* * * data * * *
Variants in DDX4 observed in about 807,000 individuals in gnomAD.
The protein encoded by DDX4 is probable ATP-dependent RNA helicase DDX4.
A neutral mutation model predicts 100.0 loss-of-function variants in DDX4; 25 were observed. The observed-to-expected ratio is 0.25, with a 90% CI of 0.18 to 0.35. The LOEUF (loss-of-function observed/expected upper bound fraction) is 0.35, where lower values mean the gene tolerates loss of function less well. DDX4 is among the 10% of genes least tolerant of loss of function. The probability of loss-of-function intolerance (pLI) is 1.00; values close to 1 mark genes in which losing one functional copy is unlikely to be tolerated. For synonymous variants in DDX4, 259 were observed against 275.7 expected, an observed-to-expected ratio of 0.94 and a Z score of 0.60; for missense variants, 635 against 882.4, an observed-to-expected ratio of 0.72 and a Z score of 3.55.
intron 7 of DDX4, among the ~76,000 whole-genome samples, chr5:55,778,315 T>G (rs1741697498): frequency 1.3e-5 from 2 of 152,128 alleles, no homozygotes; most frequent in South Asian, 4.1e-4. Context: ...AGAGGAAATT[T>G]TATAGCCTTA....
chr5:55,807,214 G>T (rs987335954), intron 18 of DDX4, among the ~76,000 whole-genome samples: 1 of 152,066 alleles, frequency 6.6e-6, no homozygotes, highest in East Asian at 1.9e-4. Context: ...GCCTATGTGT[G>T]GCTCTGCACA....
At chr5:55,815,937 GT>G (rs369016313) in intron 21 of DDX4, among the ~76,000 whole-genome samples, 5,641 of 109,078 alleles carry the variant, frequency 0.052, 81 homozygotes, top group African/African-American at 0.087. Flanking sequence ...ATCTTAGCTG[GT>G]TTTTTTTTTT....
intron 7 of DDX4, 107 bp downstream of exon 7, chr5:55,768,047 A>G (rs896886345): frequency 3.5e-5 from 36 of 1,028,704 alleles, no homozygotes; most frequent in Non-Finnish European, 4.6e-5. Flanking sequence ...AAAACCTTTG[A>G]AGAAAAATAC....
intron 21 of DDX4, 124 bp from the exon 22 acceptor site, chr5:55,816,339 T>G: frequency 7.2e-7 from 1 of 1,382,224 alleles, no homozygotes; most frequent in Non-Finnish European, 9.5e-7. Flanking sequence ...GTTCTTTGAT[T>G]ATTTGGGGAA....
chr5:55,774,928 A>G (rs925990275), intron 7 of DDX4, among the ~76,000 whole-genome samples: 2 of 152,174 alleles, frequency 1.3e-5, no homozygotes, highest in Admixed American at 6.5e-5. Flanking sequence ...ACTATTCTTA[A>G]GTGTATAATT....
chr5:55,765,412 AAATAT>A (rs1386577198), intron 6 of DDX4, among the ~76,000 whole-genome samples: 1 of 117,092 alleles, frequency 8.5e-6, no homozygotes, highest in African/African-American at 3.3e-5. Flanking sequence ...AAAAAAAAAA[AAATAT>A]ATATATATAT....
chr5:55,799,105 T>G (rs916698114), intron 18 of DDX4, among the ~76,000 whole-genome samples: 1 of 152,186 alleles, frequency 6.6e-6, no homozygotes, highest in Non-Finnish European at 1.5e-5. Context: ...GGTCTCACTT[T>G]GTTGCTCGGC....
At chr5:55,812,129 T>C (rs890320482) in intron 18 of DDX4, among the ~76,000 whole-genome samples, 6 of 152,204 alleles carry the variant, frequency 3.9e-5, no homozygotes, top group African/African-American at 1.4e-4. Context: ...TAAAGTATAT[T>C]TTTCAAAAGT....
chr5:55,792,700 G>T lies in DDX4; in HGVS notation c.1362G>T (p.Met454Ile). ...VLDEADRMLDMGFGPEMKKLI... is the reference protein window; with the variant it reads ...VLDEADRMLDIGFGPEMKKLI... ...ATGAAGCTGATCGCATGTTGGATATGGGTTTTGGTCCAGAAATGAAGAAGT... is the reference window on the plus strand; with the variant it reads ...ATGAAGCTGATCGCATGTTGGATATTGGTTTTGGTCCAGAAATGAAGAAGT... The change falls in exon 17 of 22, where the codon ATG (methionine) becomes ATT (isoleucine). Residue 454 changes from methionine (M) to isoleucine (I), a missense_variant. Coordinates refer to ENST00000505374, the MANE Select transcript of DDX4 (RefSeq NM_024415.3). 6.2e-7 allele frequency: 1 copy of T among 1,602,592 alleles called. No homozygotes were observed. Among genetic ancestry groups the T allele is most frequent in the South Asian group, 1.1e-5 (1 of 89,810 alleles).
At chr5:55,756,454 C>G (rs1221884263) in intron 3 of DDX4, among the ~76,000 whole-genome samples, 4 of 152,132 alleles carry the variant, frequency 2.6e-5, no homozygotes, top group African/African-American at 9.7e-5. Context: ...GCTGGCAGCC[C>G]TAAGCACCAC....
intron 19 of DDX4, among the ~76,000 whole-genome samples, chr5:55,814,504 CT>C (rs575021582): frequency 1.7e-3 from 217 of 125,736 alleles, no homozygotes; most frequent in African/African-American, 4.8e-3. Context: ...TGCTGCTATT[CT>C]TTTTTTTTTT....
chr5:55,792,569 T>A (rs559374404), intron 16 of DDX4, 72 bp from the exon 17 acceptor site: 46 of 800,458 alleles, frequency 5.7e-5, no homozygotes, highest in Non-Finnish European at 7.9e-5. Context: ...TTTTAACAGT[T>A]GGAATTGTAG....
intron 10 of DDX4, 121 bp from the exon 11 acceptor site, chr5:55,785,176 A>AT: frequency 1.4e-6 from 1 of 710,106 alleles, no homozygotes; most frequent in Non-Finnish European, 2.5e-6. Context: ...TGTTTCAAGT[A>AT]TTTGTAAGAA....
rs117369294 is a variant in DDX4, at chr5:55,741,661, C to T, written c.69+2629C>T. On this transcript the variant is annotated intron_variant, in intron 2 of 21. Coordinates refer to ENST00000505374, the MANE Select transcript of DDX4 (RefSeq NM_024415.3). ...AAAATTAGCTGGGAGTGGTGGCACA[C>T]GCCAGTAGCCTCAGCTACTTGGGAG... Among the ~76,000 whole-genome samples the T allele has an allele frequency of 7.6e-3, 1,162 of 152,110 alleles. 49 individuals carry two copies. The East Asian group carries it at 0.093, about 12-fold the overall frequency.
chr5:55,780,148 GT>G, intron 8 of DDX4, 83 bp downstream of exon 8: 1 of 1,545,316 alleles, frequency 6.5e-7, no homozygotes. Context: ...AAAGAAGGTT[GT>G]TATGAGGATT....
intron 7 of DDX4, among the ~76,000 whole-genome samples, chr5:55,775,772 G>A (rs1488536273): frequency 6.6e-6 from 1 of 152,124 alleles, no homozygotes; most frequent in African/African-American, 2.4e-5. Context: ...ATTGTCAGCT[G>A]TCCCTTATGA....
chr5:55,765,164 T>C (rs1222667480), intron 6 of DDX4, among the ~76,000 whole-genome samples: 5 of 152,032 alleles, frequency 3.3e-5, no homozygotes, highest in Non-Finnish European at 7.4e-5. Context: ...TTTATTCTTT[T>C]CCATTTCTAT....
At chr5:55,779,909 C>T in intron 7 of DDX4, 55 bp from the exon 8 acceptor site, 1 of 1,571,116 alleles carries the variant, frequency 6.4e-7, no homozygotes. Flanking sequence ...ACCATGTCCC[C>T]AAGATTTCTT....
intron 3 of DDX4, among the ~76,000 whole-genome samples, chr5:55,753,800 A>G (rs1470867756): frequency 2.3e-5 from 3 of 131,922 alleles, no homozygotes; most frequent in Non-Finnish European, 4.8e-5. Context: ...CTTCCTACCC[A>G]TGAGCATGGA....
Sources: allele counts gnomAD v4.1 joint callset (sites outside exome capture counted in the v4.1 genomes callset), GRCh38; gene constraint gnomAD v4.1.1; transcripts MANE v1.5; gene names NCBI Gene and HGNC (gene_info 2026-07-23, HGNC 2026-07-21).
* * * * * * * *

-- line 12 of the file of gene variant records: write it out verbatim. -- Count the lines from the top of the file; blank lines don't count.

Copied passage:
At chr5:55,812,129 T>C (rs890320482) in intron 18 of DDX4, among the ~76,000 whole-genome samples, 6 of 152,204 alleles carry the variant, frequency 3.9e-5, no homozygotes, top group African/African-American at 1.4e-4. Context: ...TAAAGTATAT[T>C]TTTCAAAAGT....